About eight people die because of distracted driving every day in the US. While anyone can be guilty of distracted driving, people in their 20s are about 25% of the statistic. Distracted teen drivers are even more likely to cause motor vehicle accidents in Georgetown, Texas.
Distracted driving data
The CDC has a large body of evidence on distracted driving causing motor vehicle accidents. The top three ways distracted driving happens include looking away from the road, taking their hands off the wheel or thinking about something other than driving. A 2018 systematic review saw a driver’s performance suffer during a conversation on the phone and with a passenger. Most of the 4,300 participants compensated for the phone conversation by leaving more space between other cars and slowing down.
The study found dialing the phone while driving was more dangerous than talking. A study from China found that young drivers use hands-free and voice-activated driving apps often while driving. People using these apps tend to drift within their lane, have slower response times and experience a collision.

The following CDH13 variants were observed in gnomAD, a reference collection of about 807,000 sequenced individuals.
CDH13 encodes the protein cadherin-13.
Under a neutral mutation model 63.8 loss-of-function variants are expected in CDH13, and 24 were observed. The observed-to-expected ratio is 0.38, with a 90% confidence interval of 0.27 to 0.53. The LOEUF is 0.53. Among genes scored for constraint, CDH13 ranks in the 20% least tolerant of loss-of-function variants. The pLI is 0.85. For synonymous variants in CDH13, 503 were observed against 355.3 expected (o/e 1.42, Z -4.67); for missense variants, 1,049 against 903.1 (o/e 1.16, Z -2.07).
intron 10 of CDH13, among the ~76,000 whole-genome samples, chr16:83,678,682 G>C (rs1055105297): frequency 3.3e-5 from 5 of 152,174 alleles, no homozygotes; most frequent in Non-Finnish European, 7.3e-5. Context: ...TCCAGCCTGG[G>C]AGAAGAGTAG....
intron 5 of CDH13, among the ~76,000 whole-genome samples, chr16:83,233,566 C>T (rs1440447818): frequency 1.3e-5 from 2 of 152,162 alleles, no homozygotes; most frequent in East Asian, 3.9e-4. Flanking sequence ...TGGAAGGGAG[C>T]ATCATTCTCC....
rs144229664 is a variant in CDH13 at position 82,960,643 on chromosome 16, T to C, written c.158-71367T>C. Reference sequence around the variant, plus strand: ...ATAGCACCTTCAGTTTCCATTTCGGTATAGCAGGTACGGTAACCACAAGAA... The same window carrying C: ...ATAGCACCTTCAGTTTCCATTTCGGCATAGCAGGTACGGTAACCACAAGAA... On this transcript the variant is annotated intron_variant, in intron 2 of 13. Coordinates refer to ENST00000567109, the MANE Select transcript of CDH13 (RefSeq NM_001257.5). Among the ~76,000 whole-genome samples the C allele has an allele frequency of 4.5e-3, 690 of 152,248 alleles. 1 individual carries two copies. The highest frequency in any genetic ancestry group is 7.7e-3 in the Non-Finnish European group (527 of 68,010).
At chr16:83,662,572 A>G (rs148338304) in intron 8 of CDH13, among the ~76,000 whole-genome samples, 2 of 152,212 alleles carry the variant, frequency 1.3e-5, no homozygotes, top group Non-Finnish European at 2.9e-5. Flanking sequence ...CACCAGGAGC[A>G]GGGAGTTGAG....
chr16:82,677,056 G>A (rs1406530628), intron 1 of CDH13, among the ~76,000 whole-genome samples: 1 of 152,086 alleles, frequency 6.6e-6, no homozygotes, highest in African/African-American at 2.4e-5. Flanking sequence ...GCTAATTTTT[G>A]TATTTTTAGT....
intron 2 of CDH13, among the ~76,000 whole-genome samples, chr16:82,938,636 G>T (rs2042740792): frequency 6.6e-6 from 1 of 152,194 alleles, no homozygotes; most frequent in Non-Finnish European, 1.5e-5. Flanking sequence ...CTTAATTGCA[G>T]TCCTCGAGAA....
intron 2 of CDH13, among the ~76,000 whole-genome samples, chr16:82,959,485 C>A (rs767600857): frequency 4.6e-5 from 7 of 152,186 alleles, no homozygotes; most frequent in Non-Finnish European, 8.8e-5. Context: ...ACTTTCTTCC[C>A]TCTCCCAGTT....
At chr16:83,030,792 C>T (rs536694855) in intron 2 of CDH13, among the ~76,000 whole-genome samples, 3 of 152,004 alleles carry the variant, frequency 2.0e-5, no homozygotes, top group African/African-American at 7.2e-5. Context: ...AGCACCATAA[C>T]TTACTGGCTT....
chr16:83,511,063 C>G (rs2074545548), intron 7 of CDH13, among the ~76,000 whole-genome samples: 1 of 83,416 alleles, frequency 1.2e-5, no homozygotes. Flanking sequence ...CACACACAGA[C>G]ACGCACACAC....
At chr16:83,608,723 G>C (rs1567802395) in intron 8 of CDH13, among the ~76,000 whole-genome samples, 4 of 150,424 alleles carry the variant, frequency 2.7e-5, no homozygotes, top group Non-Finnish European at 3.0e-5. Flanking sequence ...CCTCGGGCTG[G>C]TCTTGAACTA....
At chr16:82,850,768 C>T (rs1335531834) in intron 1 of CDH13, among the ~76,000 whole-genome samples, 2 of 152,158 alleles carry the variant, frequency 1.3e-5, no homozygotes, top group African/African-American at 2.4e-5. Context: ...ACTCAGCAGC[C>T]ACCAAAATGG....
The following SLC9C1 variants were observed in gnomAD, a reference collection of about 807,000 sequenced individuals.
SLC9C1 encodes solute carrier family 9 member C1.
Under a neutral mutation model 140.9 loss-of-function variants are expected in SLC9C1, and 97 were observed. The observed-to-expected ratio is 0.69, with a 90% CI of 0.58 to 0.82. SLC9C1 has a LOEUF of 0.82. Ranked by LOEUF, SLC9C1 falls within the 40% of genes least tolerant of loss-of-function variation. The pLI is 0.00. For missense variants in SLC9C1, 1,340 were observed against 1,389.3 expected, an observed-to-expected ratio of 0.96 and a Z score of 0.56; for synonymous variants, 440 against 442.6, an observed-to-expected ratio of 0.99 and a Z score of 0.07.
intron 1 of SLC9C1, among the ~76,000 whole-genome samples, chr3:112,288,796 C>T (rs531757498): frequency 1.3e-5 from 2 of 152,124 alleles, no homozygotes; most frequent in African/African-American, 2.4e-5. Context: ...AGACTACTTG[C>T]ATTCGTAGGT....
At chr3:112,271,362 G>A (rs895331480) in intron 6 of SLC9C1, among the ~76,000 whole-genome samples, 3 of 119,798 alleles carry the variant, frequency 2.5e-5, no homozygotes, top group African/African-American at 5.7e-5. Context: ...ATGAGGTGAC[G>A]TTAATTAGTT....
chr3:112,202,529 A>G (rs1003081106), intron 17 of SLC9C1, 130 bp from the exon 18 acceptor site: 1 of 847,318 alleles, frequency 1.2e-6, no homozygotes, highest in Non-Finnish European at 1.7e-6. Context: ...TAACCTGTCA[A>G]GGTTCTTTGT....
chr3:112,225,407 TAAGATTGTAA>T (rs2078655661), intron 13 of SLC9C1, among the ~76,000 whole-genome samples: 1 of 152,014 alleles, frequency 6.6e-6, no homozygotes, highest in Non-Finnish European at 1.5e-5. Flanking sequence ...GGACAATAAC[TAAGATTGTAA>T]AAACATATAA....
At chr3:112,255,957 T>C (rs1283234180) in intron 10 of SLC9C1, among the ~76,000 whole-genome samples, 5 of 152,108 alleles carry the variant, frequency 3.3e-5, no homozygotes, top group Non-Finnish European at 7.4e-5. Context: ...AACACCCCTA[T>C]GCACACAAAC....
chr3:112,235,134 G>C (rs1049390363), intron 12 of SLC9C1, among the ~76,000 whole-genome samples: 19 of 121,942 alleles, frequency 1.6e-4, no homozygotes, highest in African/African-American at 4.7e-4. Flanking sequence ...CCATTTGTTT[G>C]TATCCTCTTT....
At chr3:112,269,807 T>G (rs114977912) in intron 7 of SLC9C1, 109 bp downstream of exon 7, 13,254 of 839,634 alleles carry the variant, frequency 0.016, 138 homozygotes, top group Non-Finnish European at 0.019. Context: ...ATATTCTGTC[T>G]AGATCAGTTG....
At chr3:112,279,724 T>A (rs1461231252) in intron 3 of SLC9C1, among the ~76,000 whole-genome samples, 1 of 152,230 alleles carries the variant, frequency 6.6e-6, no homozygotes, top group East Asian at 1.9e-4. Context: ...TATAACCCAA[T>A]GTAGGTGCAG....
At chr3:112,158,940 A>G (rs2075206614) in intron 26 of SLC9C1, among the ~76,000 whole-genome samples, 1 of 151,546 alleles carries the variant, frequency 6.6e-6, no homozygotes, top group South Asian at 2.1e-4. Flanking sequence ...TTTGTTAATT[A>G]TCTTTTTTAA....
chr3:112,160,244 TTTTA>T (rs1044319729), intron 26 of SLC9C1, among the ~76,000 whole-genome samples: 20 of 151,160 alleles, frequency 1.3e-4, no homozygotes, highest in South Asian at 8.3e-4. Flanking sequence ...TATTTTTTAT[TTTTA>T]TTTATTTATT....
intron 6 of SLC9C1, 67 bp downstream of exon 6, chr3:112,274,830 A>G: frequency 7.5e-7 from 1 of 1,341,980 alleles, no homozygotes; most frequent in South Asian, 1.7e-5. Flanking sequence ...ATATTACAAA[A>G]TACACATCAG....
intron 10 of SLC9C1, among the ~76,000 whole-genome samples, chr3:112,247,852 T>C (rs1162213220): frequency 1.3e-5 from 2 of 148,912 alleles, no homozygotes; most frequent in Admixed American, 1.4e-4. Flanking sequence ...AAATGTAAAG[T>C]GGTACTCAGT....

General distracted driving
Distracting driving doesn’t only cause motor vehicle accidents. Young drivers who use mobile phones make riskier choices while walking or biking. Pedestrians who talk on the phone wait longer to cross and walk across the street slower. Many adults or children who use their phones while biking tend to slow down or stop. People who talk on the phone while riding pay less attention to their surroundings.
A 2019 study saw mindfulness training as a possible way to reduce phone usage when traveling. Researchers found people overlooking hazards and making mistakes when their mind wasn’t on driving. Mindfulness exercises before or while driving may help drivers stay focused on the road. Distracted driving is more than a physical distraction. New or young drivers should always pay attention to their surroundings.